Four-dimensional conversion for spiritual leadership development : a missiological approach for African churches : original researchAuthor Kalemba MwambazambiSource: HTS : Theological Studies 70, pp 1 –9 (2014) http://dx.doi.org/http://dx.doi.org/10.4102/hts.v70i3.1953More Less
The process of a four-dimensional conversion and/or transformation strives in helping the leadership of an organisation, especially such as the church, with practical ways that may lead to the development of an effective leadership by observing the four important aspects of human spirituality as elaborated on in the article. The spiritual, intellectual, moral and socio-political dimensions of the transformation can be catered for so that the complete inner being of humans, as well as their social and political attitudes and behaviours, can equally be transformed to maximum spiritual, personal and socio-political profitability. Mutombo-Mukendi demonstrates that the need for a spiritual leadership that can contribute to an effective transformation of Africa is dire, both for the church and the larger community. The real challenge is how to develop such leadership. This article provides intentional and practical ways that may lead to the development of the needed leadership. Four-dimensional transformation of people can be planned and carried out both in the church arena and in the surrounding communities. Skills development and transfer can also take place when skilled people from the church work with unskilled people from the community.
The effect of misapplied religious practices in some alternative religious groups : original researchAuthor Stephan P. PretoriusSource: HTS : Theological Studies 70, pp 1 –9 (2014) http://dx.doi.org/http://dx.doi.org/10.4102/hts.v70i3.2060More Less
The positive impact that religion generally has on human beings has been suggested by different studies. However, it cannot be assumed that religion always contributes to the well-being of believers. Religious systems can be misused, resulting in people being spiritually and even physically hurt and harmed. This study investigates certain aspects of some alternative religious group in order to determine the impact it has on the well-being of the members of these groups. It was found that people are drawn to these groups because of the challenges they present, the display of true love amongst members and the 'message' of an authoritative charismatic leader that resonates with them and convinces them to become part. As time pass, members were challenged with questionable aspects that appear in the activities and teaching of these groups. Obtaining clarity on these concerns was strongly discouraged by the culture and other members of the group, resulting in members suppressing doubts and emotions. Adherence to the tenets of the group then occurred as a result of peer pressure and out of fear instead of true conviction. The study concludes that most of the respondents in the study reported that their experience in these groups did not contribute to their well-being, and emotionally, they struggled to adapt to society and other religious groups after leaving the group.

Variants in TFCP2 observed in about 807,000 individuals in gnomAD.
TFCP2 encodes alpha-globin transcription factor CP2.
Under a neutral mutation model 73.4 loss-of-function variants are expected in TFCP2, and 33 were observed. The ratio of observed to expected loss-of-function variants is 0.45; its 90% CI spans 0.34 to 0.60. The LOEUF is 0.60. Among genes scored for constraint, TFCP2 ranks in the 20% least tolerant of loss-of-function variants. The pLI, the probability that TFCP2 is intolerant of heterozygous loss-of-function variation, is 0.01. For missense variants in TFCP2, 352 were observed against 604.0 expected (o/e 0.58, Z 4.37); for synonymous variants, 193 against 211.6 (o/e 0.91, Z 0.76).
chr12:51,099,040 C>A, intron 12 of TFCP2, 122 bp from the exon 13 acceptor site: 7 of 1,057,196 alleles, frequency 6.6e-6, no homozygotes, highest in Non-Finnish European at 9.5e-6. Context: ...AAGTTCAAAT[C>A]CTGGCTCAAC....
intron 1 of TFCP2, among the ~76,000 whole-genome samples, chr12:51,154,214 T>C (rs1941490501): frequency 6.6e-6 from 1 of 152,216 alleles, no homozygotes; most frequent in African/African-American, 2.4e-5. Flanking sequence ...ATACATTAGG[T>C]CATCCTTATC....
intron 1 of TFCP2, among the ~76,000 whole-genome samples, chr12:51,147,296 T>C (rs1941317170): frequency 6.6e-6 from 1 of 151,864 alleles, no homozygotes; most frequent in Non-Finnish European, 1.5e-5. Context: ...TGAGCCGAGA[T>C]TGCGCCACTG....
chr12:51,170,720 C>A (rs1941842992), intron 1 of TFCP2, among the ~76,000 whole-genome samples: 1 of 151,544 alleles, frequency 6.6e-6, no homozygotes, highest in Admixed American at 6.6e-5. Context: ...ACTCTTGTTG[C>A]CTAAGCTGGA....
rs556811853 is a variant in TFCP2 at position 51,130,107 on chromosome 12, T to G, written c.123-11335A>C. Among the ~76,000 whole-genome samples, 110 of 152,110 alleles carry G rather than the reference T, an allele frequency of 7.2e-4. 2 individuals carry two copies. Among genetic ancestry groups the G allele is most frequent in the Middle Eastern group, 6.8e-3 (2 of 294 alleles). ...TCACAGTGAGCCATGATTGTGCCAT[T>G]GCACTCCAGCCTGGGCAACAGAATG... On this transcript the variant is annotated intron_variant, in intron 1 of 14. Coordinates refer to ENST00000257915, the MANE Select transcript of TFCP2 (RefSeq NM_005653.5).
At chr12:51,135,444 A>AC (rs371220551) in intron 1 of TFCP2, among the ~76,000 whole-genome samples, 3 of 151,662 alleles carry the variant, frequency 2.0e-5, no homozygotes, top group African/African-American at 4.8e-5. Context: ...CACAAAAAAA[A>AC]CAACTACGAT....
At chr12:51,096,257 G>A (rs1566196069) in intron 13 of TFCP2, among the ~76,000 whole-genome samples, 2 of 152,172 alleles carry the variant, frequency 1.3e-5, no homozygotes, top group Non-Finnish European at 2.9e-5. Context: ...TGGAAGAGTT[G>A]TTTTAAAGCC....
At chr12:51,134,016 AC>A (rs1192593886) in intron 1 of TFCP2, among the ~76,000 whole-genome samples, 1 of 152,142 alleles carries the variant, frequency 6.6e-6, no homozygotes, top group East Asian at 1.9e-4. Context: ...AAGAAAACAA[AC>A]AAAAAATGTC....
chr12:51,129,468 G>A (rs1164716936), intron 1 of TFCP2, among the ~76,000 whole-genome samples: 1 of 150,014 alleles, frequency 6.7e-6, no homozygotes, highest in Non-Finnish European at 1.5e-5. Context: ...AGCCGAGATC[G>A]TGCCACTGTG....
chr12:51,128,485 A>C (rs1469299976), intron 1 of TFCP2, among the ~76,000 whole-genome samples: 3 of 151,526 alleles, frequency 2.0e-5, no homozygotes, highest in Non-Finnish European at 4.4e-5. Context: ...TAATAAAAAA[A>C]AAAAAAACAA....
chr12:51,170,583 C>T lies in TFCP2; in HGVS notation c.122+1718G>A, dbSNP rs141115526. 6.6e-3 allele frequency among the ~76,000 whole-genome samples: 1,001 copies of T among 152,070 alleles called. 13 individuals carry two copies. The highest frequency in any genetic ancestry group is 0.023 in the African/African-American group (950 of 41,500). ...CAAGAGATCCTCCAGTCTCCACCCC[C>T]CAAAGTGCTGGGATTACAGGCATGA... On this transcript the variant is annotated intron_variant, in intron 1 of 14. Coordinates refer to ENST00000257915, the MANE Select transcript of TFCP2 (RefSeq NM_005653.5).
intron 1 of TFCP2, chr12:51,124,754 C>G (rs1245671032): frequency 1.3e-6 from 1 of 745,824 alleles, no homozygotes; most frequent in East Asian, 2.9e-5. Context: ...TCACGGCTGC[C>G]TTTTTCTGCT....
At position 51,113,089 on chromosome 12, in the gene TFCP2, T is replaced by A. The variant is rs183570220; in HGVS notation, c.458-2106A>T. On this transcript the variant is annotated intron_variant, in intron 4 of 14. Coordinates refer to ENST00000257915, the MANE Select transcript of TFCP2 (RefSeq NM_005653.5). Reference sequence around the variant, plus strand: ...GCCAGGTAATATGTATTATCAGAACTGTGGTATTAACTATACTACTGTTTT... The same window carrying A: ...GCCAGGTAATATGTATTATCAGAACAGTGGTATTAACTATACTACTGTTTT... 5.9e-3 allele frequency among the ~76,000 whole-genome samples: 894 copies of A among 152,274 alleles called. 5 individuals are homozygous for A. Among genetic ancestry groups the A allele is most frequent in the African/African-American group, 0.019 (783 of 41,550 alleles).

Source: HTS : Theological Studies 70, pp 1 –7 (2014) http://dx.doi.org/http://dx.doi.org/10.4102/hts.v70i3.1971More Less
This article addresses the highly disputed distribution of roles in the story of Susanna. Susanna consists of a number of actors of whom only a few such as Susanna, the two elders, the Jewish people and Daniel are directly related to the central action of the story. With regard to the roles of these actors in the story however, a question arises: Who is the subject of the story of Susanna? Most scholars question the attribution of the role of subject to Susanna. Their contention however, has not yet been sustained by convincing evidence stemming from the use of a suitable method. This study attempts to fill this gap by using the Greimassian approach to narratives, as refined by Everaert-Desmedt. The approach comprises three levels of analysis: the figurative, the narrative and the thematic. The contribution focuses only on the narrative level of analysis, particularly on the actantial model because the main role of this structure is to reveal different functions of actors called here actants. It is the contention here that following the actantial model of the Greimassian approach of analysis, Susanna emerges as the subject of the main concern of the story.